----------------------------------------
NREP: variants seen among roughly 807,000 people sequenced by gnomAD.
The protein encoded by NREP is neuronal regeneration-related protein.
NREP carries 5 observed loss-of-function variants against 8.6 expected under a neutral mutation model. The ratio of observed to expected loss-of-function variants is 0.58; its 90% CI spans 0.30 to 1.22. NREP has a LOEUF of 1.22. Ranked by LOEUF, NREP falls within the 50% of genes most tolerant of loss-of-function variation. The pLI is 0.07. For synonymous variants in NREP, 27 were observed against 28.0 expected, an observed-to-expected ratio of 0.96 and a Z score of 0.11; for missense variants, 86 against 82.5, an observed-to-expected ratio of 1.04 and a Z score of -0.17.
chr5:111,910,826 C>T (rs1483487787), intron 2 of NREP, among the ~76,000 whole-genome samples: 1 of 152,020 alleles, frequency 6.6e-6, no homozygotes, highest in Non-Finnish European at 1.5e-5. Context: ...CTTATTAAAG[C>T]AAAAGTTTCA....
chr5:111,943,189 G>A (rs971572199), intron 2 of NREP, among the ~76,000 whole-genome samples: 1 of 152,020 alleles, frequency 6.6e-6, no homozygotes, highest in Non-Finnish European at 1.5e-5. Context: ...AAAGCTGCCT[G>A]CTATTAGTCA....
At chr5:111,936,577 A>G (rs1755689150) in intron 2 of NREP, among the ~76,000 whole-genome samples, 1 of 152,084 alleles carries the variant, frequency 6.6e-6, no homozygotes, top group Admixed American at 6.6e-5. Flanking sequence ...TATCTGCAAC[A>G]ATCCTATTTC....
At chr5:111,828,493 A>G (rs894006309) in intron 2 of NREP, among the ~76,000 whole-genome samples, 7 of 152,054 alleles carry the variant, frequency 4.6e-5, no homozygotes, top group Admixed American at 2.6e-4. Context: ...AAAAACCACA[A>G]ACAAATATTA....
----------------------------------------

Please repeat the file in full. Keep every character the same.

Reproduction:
NREP: variants seen among roughly 807,000 people sequenced by gnomAD.
The protein encoded by NREP is neuronal regeneration-related protein.
NREP carries 5 observed loss-of-function variants against 8.6 expected under a neutral mutation model. The ratio of observed to expected loss-of-function variants is 0.58; its 90% CI spans 0.30 to 1.22. NREP has a LOEUF of 1.22. Ranked by LOEUF, NREP falls within the 50% of genes most tolerant of loss-of-function variation. The pLI is 0.07. For synonymous variants in NREP, 27 were observed against 28.0 expected, an observed-to-expected ratio of 0.96 and a Z score of 0.11; for missense variants, 86 against 82.5, an observed-to-expected ratio of 1.04 and a Z score of -0.17.
chr5:111,910,826 C>T (rs1483487787), intron 2 of NREP, among the ~76,000 whole-genome samples: 1 of 152,020 alleles, frequency 6.6e-6, no homozygotes, highest in Non-Finnish European at 1.5e-5. Context: ...CTTATTAAAG[C>T]AAAAGTTTCA....
chr5:111,943,189 G>A (rs971572199), intron 2 of NREP, among the ~76,000 whole-genome samples: 1 of 152,020 alleles, frequency 6.6e-6, no homozygotes, highest in Non-Finnish European at 1.5e-5. Context: ...AAAGCTGCCT[G>A]CTATTAGTCA....
At chr5:111,936,577 A>G (rs1755689150) in intron 2 of NREP, among the ~76,000 whole-genome samples, 1 of 152,084 alleles carries the variant, frequency 6.6e-6, no homozygotes, top group Admixed American at 6.6e-5. Flanking sequence ...TATCTGCAAC[A>G]ATCCTATTTC....
At chr5:111,828,493 A>G (rs894006309) in intron 2 of NREP, among the ~76,000 whole-genome samples, 7 of 152,054 alleles carry the variant, frequency 4.6e-5, no homozygotes, top group Admixed American at 2.6e-4. Context: ...AAAAACCACA[A>G]ACAAATATTA....